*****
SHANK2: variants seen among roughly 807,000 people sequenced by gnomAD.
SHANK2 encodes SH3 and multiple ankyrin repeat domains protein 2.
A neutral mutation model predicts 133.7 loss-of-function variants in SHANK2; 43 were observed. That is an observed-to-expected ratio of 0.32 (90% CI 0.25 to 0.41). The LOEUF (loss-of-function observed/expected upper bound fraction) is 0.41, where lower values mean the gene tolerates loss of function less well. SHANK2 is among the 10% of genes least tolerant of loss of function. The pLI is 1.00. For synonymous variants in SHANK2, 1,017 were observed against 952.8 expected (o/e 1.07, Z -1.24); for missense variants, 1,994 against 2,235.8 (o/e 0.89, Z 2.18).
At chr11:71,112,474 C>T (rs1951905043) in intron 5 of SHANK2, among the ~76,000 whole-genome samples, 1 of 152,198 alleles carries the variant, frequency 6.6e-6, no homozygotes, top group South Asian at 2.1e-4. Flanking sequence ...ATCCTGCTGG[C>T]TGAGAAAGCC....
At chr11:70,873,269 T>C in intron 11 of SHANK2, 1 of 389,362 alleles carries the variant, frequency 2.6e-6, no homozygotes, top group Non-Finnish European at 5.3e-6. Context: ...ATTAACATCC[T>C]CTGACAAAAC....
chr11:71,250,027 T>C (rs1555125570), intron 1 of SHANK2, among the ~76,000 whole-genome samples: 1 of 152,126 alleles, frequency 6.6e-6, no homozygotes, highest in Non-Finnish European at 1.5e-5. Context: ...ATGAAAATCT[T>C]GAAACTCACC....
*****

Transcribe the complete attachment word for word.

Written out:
SHANK2: variants seen among roughly 807,000 people sequenced by gnomAD.
SHANK2 encodes SH3 and multiple ankyrin repeat domains protein 2.
A neutral mutation model predicts 133.7 loss-of-function variants in SHANK2; 43 were observed. That is an observed-to-expected ratio of 0.32 (90% CI 0.25 to 0.41). The LOEUF (loss-of-function observed/expected upper bound fraction) is 0.41, where lower values mean the gene tolerates loss of function less well. SHANK2 is among the 10% of genes least tolerant of loss of function. The pLI is 1.00. For synonymous variants in SHANK2, 1,017 were observed against 952.8 expected (o/e 1.07, Z -1.24); for missense variants, 1,994 against 2,235.8 (o/e 0.89, Z 2.18).
At chr11:71,112,474 C>T (rs1951905043) in intron 5 of SHANK2, among the ~76,000 whole-genome samples, 1 of 152,198 alleles carries the variant, frequency 6.6e-6, no homozygotes, top group South Asian at 2.1e-4. Flanking sequence ...ATCCTGCTGG[C>T]TGAGAAAGCC....
At chr11:70,873,269 T>C in intron 11 of SHANK2, 1 of 389,362 alleles carries the variant, frequency 2.6e-6, no homozygotes, top group Non-Finnish European at 5.3e-6. Context: ...ATTAACATCC[T>C]CTGACAAAAC....
chr11:71,250,027 T>C (rs1555125570), intron 1 of SHANK2, among the ~76,000 whole-genome samples: 1 of 152,126 alleles, frequency 6.6e-6, no homozygotes, highest in Non-Finnish European at 1.5e-5. Context: ...ATGAAAATCT[T>C]GAAACTCACC....